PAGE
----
Important! Please read this post if you are growing vegetables, some bagged composts contain manure.
Most of you probably know about this – gardeners all over the UK have been affected by using manure contaminated with industrial weed-killer. It is not just people who have used manure on their gardens and allotments, some bags of compost bought from garden centres contain manure too.
The herbicide Aminopyralid is manufactured by Dow AgroSciences, for the control of ‘injurious’ weeds such as docks, thistles and nettles and it appears that residues of it have turned up in manure. Animals eating grass treated with the product excrete it in their manure as it travels through the body without breaking down, it seems that residues of aminopyralid may last several years in manure heaps. The product has a label warning farmers not to sell manure that may have residues in it. It is not licensed for use on food crops although some farmers might have used it if they did not read or ignored the small print.
Dow AgroSciences state:
It has long been known that it is possible for low levels of product to be found in manure and that the use of such manure as a fertiliser or compost may, in some circumstances, cause damage to sensitive crops.
Call me suspicious if you like but if this product is excreted in manure is it stored in the bodies of food animals or finding its way into milk?
If you have problems and don’t use manure or products containing it but use a lawn weed killer and compost your clipings or use them as a mulch that could be causing it. Clopyralid a lawn weed killer is a similar product which does leave a reside in compost. It has been de-registered for lawn use in the USA since 1999. It is still available for sale in the UK as a lawn weed killer in products such as ‘Verdone Extra’ made by Levington, there are probably others. It is also in products that are used on public grass and playing fields, treated grass may well end up in council made and sold compost.
In this insane world that we live in anyone can legally use products like Aminopyralid or Clopyralid but it is illegal for gardeners to make or use their own tried and tested fungicide from horsetail or insecticide from rhubarb leaves. Personally I think that whoever decides products like this deserve a licence should be strung up.
A lot of people, experienced gardeners and others growing this year for the first time are not only doing so because home-grown veg tastes better but so they may not have to make the stark choice during the winter of heating or eating. So not only have plants, time, effort and money been lost due to an ‘approved’ herbicide, all the crops from those plants have been lost as well!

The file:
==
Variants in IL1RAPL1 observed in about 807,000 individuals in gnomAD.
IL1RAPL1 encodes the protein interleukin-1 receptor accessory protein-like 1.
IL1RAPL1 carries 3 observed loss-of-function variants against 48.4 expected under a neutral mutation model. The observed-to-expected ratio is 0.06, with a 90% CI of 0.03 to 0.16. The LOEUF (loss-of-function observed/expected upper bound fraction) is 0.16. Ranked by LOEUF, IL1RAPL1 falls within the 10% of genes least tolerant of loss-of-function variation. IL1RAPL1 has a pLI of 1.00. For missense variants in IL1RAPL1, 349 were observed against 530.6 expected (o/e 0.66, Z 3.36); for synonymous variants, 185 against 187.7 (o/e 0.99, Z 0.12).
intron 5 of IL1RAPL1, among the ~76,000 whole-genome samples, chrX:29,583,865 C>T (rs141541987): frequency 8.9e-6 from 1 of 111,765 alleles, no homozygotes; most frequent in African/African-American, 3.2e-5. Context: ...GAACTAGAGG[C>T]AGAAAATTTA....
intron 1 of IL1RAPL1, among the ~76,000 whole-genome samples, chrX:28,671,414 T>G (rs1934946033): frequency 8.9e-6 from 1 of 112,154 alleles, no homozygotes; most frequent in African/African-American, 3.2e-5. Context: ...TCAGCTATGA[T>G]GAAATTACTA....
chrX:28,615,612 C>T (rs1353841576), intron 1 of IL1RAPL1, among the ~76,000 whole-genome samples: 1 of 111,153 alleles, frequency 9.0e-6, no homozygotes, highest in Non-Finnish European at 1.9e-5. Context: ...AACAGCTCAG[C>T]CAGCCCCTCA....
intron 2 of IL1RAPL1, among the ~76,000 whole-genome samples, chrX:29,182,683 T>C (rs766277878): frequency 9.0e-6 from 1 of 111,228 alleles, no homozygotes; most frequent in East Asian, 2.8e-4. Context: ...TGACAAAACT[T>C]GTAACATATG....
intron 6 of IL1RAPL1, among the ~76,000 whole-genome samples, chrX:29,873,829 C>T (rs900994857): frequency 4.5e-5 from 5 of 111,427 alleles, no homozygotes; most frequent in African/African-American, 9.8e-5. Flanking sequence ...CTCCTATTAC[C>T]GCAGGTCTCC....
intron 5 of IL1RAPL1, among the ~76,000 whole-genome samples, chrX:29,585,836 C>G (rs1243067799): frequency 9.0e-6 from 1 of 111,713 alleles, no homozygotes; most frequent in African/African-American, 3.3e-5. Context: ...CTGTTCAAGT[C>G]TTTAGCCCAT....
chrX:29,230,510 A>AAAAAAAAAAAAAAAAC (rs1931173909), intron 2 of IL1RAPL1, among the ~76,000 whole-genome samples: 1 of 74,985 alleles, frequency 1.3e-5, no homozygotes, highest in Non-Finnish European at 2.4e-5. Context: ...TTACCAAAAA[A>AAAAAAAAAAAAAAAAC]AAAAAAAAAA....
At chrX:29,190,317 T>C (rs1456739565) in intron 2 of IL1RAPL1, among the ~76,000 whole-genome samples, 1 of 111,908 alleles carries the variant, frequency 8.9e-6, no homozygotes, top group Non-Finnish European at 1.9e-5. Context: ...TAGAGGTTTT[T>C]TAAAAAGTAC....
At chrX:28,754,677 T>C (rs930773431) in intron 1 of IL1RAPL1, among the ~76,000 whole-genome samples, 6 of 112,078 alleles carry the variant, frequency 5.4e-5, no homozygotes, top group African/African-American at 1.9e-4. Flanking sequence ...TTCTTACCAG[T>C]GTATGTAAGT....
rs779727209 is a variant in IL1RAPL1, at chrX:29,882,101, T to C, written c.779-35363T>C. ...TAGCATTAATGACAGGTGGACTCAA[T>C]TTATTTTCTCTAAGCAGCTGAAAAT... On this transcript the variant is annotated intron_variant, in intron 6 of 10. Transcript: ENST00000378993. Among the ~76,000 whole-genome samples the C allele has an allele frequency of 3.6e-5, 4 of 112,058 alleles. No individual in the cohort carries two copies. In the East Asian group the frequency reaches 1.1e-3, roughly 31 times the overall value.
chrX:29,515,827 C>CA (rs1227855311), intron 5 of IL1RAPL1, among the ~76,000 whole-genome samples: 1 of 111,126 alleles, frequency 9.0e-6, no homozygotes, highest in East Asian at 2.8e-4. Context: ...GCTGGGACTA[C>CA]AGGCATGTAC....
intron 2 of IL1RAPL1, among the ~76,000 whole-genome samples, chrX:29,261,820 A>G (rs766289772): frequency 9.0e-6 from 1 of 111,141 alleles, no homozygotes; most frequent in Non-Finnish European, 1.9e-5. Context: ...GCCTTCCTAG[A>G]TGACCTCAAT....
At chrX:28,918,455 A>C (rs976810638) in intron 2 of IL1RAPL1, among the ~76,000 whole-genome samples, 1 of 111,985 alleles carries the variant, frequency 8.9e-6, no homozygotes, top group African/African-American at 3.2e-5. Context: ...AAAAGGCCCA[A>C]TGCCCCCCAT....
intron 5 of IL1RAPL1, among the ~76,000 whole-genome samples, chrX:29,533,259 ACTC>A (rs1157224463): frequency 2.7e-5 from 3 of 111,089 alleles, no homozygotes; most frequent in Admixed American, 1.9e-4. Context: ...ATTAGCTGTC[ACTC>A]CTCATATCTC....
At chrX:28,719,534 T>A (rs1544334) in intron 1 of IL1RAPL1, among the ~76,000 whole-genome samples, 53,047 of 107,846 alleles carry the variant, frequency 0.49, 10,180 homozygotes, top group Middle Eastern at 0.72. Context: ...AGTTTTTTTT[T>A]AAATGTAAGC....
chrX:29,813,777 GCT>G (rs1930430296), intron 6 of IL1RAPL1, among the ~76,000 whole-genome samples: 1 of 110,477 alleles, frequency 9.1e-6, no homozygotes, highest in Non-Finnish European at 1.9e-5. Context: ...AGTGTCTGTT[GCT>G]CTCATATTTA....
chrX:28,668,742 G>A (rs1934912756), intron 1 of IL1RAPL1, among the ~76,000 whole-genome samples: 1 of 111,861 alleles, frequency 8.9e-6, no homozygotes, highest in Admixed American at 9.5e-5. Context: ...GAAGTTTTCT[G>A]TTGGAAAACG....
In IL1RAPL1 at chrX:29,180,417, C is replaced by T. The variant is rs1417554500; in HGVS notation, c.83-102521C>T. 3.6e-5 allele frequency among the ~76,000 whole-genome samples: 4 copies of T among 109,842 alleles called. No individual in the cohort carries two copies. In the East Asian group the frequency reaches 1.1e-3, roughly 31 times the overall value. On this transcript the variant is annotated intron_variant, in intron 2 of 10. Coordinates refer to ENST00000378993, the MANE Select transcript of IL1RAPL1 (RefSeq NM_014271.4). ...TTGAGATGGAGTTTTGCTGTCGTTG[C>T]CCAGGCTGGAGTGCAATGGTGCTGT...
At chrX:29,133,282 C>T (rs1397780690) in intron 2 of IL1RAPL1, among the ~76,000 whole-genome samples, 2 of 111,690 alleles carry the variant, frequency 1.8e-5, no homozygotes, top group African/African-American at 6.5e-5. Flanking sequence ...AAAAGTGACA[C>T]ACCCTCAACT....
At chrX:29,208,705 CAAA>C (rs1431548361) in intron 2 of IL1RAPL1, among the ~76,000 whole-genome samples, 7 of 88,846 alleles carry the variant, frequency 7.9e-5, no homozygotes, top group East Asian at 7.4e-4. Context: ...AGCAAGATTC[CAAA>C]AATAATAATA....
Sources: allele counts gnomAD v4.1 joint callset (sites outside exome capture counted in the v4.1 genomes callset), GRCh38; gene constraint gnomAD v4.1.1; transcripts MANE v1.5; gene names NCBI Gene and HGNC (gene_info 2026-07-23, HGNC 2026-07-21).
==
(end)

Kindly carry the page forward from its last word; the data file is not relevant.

If you have been affected by this it may still be possible for you to get a crop by growing in containers as there are still some seeds that you can sow see Vegetables to Sow in July, you could also get some autumn and winter potatoes by Growing Potatoes in Bin Bag.
Which plants are affected?
Mainly potatoes, tomatoes, beans, peas, but also other vegetable and salad crops. Some ornamental plants including roses.
What to look for?
RHS say typical symptoms include cupped leaves and fern-like growth on sensitive plants. The shoot tips become pale, narrow and distorted, with prominent veining on the foliage. Growth generally is stunted, leaving most crops unusable.
There are some photos of damage on the RHS site, click on the link above.
Can I eat the affected crops?
Dow AgroSciences (the manufacturer of the herbicide) state: If you are concerned about damage to your crops, or that any manure used on your food crops may have contained residues from products not designed for use on food crops, in our view it would be prudent not to harvest the crop and wait till next year before replanting in the affected area.
Any unused manure should be returned to the supplier so that it can be spread on land not used for food crops, it does not break down very well if stacked in heaps.
Read more about the problem via these links:
‘Home-grown veg ruined by toxic fertiliser’ in the Guardian.
Loads of people have comented on this post ‘Aminopyralid Herbicide Residue in Manure Killing Crops‘ on allotment.org, including someone who had bought organic compost that contained manure.